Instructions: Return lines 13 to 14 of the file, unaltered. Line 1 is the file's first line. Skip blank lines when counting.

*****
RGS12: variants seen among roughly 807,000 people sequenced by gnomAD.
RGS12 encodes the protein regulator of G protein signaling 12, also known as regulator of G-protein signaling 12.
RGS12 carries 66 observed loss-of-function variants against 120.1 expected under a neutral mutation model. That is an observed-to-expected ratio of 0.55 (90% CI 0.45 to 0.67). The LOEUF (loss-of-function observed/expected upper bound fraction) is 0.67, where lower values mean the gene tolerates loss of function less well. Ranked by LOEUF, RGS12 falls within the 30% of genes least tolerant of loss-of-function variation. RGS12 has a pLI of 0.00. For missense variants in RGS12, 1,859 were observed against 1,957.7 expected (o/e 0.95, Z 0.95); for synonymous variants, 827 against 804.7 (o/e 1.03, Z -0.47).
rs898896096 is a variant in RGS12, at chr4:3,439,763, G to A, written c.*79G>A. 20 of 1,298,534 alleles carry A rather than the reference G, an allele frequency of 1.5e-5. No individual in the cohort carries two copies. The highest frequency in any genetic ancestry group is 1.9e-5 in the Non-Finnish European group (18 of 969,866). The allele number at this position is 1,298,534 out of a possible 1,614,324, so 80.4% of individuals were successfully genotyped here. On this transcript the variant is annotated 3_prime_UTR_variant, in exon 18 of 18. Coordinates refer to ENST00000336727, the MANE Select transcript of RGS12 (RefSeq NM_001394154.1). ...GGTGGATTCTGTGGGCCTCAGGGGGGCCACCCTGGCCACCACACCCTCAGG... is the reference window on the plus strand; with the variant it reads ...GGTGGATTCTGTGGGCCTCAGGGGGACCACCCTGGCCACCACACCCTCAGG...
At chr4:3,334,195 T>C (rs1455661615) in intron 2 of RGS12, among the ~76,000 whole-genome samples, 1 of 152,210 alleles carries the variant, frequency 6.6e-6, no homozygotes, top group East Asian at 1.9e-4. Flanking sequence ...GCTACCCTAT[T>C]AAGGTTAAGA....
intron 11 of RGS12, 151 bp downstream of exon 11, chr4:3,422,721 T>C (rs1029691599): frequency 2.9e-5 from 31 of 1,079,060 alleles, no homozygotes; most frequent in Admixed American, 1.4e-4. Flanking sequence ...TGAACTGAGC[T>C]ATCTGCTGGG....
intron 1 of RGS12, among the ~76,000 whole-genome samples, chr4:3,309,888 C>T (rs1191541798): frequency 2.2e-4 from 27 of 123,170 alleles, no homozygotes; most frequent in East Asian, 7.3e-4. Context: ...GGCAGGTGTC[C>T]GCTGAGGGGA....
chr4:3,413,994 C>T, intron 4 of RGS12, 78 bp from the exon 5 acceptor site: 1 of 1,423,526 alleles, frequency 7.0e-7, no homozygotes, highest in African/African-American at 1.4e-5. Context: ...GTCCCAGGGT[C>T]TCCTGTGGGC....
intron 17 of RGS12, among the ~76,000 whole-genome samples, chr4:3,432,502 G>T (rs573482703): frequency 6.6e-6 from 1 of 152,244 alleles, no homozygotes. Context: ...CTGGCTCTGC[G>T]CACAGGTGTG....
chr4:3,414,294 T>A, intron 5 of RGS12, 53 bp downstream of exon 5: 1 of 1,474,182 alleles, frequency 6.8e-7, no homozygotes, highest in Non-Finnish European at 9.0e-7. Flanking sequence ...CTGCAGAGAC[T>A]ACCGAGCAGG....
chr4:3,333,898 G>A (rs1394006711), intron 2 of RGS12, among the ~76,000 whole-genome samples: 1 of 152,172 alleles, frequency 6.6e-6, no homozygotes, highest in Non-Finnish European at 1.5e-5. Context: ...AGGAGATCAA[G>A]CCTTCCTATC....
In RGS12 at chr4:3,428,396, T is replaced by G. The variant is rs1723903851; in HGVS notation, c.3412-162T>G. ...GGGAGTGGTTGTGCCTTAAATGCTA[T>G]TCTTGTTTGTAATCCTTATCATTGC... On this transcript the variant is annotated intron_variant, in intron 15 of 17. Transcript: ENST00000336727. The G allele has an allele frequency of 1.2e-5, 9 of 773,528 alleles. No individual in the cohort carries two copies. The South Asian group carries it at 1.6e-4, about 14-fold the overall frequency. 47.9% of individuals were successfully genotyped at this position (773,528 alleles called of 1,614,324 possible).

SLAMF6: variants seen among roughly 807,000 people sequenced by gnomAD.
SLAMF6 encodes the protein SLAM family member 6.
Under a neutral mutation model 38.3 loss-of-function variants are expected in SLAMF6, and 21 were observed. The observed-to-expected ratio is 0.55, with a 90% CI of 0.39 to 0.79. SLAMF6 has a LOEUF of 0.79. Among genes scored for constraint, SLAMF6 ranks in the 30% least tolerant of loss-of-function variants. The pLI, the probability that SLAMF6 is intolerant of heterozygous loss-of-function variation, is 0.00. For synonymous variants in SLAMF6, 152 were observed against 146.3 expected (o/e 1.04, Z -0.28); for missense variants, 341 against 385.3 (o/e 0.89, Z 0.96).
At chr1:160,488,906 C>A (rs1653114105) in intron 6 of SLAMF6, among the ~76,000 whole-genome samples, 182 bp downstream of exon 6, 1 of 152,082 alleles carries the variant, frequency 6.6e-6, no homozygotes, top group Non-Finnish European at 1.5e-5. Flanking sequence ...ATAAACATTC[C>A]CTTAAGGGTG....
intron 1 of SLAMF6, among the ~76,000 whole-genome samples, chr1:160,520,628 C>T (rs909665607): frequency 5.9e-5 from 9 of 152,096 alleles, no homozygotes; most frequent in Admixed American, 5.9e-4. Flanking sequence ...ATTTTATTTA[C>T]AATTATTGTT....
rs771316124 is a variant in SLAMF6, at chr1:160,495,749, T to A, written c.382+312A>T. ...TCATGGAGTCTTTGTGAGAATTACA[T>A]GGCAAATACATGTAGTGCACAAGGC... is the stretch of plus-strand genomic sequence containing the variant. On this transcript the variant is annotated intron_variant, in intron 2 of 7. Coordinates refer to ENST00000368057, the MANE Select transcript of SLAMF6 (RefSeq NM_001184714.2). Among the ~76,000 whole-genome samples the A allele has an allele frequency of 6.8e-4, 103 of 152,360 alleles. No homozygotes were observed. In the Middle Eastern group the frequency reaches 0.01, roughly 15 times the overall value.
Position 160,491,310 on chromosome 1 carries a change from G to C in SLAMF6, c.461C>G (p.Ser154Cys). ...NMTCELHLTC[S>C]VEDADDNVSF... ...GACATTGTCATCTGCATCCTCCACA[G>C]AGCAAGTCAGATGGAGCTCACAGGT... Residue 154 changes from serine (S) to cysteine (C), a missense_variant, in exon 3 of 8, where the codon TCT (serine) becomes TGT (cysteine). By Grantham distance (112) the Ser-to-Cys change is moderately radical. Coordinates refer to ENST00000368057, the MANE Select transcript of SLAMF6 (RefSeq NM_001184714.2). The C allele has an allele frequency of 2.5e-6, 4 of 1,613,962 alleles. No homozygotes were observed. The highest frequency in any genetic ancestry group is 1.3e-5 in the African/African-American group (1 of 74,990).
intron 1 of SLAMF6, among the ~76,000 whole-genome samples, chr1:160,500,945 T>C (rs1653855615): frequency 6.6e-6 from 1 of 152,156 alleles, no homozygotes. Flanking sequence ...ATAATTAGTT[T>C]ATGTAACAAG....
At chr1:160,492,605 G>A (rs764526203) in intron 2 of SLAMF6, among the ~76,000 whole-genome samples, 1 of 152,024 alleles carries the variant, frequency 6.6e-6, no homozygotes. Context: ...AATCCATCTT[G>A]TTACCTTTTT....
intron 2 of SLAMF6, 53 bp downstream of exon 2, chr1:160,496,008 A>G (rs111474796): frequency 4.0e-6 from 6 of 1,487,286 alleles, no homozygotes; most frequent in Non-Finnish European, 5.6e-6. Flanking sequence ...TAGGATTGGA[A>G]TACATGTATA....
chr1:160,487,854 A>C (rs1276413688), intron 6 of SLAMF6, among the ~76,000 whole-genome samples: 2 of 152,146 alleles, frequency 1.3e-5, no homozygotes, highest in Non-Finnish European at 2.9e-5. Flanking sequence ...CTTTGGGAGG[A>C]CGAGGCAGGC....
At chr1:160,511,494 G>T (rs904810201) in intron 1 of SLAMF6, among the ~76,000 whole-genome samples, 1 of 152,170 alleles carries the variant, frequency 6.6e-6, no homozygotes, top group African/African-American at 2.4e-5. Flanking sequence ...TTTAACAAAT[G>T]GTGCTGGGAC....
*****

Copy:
SLAMF6: variants seen among roughly 807,000 people sequenced by gnomAD.
SLAMF6 encodes the protein SLAM family member 6.